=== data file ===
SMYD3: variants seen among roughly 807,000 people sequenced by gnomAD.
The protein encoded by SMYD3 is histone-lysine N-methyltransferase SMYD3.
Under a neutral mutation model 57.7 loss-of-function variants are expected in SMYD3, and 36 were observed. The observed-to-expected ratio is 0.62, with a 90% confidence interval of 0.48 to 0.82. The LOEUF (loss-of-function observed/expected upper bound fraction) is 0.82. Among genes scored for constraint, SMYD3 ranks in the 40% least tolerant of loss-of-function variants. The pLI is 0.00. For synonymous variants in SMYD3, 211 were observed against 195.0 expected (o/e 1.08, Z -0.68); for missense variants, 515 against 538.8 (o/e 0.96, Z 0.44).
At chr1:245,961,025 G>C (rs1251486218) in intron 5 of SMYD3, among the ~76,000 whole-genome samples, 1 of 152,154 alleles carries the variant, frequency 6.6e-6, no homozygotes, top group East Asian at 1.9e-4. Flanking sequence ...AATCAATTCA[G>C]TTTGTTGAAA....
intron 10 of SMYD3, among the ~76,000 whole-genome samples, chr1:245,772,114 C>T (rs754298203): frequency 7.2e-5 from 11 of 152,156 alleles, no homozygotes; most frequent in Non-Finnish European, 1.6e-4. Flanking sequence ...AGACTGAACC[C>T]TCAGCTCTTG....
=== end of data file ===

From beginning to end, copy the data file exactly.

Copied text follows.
SMYD3: variants seen among roughly 807,000 people sequenced by gnomAD.
The protein encoded by SMYD3 is histone-lysine N-methyltransferase SMYD3.
Under a neutral mutation model 57.7 loss-of-function variants are expected in SMYD3, and 36 were observed. The observed-to-expected ratio is 0.62, with a 90% confidence interval of 0.48 to 0.82. The LOEUF (loss-of-function observed/expected upper bound fraction) is 0.82. Among genes scored for constraint, SMYD3 ranks in the 40% least tolerant of loss-of-function variants. The pLI is 0.00. For synonymous variants in SMYD3, 211 were observed against 195.0 expected (o/e 1.08, Z -0.68); for missense variants, 515 against 538.8 (o/e 0.96, Z 0.44).
At chr1:245,961,025 G>C (rs1251486218) in intron 5 of SMYD3, among the ~76,000 whole-genome samples, 1 of 152,154 alleles carries the variant, frequency 6.6e-6, no homozygotes, top group East Asian at 1.9e-4. Flanking sequence ...AATCAATTCA[G>C]TTTGTTGAAA....
intron 10 of SMYD3, among the ~76,000 whole-genome samples, chr1:245,772,114 C>T (rs754298203): frequency 7.2e-5 from 11 of 152,156 alleles, no homozygotes; most frequent in Non-Finnish European, 1.6e-4. Flanking sequence ...AGACTGAACC[C>T]TCAGCTCTTG....